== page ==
Empathy is the ability to sense other people’s emotions, coupled with the ability to imagine what someone else might be thinking or feeling. The same empathetic practices we apply in our own lives can help us communicate in selling scenarios. Particularly during times of severe uncertainty, like the one we are living through now, it’s important to apply genuine empathetic outreach. Let’s break down what empathy selling is, the three key principles to follow, and how to practice it effectively with audiences at each stage of the customer journey.

Let’s be honest, selling anything during such a complex time can feel uncomfortable, hopeless, and, at times, downright ridiculous. But if it’s your job, we’re here to help make it easier for both you and the customers and prospects that you’re reaching out to. Empathetic outreach starts by acknowledging the happenings in the world around us and giving people the space to come together over a shared experience.

Many of you have heard the quote, “Be kind, for everyone you meet is fighting a hard battle” thought to have originated from the Greek philosopher Plato. We tend to form assumptions about people and base our actions, communications, and behaviors towards others on those assumptions. This can feel like a human default-setting and it’s easy to find ourselves in this pattern of assumption-driven behavior without even recognizing it. By centering your selling practices around genuine empathy you'll set a foundation of trust and open up an effective dialogue. Guru_ImageLibrary_LowRes-TransparentBG_17-2

Defining empathy selling

Empathy selling requires putting yourself into the mental and emotional position of a prospect or customer throughout the sales process. When you show that you understand the problem they’re faced with, that helps build trust. The concept of empathy selling is not a new one, but the ability to showcase that empathy is more important than ever.

3 key principles of empathy selling: 

  1. Ask rather than assume
  2. Humanize and contextualize
  3. Give first

Empathy selling at each stage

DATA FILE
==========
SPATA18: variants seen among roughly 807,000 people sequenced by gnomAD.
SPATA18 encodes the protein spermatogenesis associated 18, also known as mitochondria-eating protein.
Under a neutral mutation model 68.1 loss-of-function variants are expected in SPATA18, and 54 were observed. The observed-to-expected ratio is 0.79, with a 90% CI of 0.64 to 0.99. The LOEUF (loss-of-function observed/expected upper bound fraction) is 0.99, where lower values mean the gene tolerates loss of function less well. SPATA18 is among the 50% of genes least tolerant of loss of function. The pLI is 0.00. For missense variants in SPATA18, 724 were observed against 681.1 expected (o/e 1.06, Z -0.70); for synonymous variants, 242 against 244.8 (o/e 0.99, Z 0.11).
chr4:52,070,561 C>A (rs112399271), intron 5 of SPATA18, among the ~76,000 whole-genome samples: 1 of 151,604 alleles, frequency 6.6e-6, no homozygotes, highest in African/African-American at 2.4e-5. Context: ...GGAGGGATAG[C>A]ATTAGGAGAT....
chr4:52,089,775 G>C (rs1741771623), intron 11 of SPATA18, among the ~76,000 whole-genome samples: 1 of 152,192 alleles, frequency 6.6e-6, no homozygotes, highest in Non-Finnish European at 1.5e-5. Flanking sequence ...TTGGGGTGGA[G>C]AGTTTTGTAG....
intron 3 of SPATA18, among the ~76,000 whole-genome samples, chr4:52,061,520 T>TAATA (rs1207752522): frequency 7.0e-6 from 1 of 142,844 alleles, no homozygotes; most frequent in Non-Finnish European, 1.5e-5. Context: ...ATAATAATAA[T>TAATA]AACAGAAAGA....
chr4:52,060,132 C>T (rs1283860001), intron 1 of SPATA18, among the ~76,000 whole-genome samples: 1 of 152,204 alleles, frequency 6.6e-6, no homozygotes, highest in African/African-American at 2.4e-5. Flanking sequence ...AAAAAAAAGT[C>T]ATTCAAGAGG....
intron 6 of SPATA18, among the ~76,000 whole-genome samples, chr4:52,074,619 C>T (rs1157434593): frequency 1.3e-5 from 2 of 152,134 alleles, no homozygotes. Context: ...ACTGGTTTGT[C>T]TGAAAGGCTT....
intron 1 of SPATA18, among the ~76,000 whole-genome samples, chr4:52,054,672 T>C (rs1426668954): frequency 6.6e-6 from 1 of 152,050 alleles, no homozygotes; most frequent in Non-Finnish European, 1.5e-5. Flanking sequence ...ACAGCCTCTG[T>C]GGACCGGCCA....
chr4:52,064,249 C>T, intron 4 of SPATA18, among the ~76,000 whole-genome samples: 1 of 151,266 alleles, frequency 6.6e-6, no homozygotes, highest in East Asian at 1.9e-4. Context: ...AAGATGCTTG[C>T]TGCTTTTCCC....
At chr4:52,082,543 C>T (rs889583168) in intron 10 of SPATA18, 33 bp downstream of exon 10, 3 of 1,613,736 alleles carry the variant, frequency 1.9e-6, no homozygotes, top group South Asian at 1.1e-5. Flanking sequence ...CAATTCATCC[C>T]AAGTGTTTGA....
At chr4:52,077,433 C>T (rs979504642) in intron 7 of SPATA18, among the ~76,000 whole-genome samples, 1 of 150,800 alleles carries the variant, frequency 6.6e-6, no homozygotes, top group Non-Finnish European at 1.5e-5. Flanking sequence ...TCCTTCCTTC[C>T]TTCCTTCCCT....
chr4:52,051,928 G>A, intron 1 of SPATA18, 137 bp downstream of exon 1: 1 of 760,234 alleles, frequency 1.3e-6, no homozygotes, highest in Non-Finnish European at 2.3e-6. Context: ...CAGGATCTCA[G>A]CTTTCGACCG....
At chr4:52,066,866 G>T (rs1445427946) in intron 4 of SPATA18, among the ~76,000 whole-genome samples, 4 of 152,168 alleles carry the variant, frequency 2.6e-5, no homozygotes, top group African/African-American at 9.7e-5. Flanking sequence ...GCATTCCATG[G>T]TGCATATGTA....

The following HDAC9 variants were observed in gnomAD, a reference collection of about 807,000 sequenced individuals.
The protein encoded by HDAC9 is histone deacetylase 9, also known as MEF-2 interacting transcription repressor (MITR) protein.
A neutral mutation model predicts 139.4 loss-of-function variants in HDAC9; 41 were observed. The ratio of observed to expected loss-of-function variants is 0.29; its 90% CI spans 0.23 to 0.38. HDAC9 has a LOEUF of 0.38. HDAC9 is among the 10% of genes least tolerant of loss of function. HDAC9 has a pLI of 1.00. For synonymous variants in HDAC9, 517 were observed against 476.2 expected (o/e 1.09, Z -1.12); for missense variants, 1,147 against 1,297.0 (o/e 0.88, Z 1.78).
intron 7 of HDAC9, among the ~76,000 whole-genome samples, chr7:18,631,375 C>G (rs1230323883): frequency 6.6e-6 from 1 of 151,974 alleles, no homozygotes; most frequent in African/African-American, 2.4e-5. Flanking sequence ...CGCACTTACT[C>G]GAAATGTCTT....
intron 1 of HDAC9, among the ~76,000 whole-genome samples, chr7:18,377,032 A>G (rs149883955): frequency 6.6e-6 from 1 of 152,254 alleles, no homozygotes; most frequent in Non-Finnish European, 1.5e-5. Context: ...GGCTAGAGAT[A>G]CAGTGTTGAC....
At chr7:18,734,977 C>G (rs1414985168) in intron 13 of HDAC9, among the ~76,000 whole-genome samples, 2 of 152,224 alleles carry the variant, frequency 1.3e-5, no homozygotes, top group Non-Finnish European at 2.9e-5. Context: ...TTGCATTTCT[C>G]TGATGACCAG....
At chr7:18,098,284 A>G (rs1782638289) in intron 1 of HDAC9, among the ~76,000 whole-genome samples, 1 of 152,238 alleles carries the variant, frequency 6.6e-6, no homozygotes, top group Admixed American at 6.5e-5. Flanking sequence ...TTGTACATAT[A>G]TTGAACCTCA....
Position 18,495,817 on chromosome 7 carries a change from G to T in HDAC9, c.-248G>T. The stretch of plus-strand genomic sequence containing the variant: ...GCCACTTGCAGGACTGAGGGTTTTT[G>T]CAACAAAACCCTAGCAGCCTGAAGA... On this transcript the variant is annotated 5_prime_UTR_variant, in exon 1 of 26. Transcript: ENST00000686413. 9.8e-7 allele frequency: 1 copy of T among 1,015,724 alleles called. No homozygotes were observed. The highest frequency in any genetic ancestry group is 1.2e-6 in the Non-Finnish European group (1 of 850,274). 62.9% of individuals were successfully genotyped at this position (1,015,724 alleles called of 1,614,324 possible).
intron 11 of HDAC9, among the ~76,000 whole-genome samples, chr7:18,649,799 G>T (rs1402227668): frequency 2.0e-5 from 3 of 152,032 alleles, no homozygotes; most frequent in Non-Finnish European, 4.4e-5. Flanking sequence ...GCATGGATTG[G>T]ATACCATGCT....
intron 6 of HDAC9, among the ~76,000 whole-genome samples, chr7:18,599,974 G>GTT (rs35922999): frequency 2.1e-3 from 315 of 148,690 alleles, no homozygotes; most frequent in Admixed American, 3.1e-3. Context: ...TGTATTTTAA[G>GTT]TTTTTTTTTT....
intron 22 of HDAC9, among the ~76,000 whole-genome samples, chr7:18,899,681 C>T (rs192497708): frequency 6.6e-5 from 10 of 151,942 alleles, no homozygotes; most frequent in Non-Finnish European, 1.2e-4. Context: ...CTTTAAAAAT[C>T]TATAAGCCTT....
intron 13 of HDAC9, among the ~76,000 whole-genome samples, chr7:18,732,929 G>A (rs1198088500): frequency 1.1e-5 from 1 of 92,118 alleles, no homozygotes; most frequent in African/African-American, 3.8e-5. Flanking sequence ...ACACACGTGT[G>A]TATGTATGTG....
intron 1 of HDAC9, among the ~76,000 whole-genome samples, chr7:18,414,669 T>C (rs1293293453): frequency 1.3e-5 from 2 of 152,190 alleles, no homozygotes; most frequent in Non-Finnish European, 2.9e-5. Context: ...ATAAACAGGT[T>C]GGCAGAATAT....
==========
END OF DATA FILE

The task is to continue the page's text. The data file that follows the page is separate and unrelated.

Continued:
We’re going to cover how to shift your approach to ensure that you are leading conversations with empathy across each stage of the customer journey: 

Engaging with unaware prospects 

This is an audience of potential buyers that don’t know you yet, so they are getting a first impression of you through whatever initial message you’re sharing. The key principle to keep in mind at this stage is: ask rather than assume. 

Communicating with built-in assumptions can lead to subtle, or not so subtle, pain-based messaging.

This typically sounds like, “Given that you’re in “X role” you must be faced with “Y problem” and here’s how we can help.”

Challenges with that message:

  • It can seem tone deaf—especially in such a turbulent landscape. Completely glossing over current events can make your audience feel like your outreach is ingenuine. 
  • It feels assumptive. Even if you do acknowledge happenings outside of work, this messaging asserts that you already know what their problems are without asking first. 

This type of outreach is overdone and can come across as lacking compassion. Changing the subtleties of your messaging can go a long way in building trust with new potential buyers. 

Examples of empathetic cold messaging: 

  • Reference and acknowledge current events. For example, jump off with, “The past few weeks have been challenging.” 
  • Relay authentic support by saying things like “How can we best support you during this time?” or “Is there an organization that you care about that we can contribute to on your behalf?”

How do we know that those subtle changes in messaging have any tangible impact on prospecting? We’ve tested it ourselves! In the wake of the COVID-19 pandemic we reached out to prospects by acknowledging and addressing current events, asking how we could best support, and offering to make a business or cause that they care about. This new approach to cold outreach email saw great results with a 10% increase in open rates and an uptick in responses.